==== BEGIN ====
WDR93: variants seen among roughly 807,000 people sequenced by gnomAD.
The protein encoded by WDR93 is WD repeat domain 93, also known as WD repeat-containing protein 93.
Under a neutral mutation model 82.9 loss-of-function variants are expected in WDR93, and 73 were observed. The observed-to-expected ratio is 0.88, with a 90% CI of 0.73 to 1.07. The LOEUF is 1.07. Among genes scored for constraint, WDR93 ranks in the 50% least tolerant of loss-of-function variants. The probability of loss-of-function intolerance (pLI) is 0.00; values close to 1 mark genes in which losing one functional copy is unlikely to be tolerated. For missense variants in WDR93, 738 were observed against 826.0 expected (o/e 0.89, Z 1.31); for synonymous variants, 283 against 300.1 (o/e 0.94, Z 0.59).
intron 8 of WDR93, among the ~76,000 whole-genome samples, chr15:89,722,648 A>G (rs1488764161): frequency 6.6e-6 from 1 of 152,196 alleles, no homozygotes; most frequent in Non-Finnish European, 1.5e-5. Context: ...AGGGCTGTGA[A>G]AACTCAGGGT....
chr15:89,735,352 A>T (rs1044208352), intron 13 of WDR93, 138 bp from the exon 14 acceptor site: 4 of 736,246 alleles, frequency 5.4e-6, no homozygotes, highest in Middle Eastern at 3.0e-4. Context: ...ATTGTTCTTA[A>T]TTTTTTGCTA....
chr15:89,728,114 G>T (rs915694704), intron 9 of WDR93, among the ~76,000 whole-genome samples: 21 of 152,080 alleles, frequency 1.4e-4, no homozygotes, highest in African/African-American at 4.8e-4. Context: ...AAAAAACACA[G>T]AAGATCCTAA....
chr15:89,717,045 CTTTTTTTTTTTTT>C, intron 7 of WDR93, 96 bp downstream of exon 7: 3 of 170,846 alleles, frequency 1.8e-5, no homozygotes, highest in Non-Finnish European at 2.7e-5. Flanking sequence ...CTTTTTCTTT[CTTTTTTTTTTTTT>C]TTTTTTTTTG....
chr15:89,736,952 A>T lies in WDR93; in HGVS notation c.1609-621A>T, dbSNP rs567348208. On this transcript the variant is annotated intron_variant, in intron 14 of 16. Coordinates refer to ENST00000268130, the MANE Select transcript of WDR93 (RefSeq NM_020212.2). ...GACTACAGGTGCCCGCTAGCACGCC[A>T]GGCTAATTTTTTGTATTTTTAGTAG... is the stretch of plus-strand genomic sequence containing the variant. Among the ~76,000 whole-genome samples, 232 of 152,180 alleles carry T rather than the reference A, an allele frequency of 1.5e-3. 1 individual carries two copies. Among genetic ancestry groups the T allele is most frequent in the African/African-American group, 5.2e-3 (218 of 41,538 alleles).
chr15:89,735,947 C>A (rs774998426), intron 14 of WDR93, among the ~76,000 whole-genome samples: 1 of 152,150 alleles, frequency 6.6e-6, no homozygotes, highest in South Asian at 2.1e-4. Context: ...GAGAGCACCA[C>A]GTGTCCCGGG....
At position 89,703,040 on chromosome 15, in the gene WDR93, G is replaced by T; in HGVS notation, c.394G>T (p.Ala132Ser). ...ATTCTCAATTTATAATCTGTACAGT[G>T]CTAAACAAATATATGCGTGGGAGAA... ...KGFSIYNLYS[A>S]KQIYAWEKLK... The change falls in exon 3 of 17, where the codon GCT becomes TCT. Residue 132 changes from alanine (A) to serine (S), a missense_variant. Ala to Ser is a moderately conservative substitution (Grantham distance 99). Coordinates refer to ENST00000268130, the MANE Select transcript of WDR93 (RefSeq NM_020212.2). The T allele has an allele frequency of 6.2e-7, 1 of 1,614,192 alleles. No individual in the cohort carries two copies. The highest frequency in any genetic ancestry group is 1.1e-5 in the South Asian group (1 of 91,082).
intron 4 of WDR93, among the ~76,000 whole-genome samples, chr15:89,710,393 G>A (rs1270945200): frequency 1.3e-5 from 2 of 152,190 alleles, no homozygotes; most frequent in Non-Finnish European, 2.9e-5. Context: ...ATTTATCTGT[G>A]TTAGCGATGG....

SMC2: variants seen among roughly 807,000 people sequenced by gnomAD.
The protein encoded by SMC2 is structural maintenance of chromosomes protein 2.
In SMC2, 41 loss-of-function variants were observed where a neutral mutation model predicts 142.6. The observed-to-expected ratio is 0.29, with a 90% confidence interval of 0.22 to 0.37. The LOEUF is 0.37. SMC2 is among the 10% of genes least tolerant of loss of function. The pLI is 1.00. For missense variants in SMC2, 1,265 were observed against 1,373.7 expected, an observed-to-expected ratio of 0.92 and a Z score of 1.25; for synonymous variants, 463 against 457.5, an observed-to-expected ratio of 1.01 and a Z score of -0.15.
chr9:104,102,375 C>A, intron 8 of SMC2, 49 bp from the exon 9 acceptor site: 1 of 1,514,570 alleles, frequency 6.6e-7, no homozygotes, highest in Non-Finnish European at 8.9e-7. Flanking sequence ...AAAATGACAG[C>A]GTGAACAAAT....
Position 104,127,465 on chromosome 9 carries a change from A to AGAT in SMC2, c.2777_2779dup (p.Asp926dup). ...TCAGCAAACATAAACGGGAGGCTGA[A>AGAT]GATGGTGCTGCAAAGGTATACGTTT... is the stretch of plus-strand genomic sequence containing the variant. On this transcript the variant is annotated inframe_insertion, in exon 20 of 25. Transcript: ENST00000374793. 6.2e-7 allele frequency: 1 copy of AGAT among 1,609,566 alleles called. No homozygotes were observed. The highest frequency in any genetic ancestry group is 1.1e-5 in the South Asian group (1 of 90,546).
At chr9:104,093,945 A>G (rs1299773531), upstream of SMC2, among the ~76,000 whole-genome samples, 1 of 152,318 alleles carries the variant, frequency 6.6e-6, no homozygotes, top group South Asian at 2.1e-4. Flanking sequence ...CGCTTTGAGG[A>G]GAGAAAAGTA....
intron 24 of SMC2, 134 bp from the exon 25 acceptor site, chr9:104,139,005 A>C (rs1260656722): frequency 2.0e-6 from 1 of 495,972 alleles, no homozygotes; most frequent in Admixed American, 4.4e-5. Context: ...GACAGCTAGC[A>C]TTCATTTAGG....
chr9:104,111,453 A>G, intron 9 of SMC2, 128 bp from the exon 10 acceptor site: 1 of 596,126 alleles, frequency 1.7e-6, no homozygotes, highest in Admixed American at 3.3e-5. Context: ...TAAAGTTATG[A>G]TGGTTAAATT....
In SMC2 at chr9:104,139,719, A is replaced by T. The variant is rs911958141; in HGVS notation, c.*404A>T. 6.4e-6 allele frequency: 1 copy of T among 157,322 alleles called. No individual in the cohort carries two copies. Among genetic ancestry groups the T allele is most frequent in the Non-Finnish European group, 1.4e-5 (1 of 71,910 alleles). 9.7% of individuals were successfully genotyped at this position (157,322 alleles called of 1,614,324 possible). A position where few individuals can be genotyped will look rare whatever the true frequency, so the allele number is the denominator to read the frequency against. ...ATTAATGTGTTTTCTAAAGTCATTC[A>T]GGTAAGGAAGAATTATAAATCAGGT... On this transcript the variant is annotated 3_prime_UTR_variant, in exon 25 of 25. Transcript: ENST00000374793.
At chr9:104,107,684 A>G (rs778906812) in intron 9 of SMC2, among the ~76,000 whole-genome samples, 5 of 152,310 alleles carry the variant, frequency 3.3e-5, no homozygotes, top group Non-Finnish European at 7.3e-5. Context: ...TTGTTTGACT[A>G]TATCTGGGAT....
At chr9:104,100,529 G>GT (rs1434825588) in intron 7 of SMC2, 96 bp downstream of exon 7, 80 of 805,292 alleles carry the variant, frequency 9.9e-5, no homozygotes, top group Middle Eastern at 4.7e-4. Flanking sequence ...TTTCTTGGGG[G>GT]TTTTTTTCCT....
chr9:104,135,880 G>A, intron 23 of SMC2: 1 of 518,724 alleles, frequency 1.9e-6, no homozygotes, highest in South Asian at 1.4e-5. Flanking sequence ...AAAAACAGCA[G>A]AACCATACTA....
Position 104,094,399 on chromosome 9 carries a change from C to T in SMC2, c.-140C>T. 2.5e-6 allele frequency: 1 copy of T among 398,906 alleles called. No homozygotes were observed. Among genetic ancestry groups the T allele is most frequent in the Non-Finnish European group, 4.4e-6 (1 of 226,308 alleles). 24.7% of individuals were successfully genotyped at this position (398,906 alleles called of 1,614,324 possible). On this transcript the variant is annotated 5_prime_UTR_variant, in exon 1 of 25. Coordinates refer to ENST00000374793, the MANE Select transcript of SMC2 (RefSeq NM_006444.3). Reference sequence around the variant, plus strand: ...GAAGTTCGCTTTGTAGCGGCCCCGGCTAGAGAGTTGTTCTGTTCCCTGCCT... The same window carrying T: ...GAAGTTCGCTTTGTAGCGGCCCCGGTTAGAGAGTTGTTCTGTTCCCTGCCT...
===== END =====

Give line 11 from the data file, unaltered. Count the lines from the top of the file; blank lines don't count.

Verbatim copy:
intron 4 of WDR93, among the ~76,000 whole-genome samples, chr15:89,710,393 G>A (rs1270945200): frequency 1.3e-5 from 2 of 152,190 alleles, no homozygotes; most frequent in Non-Finnish European, 2.9e-5. Context: ...ATTTATCTGT[G>A]TTAGCGATGG....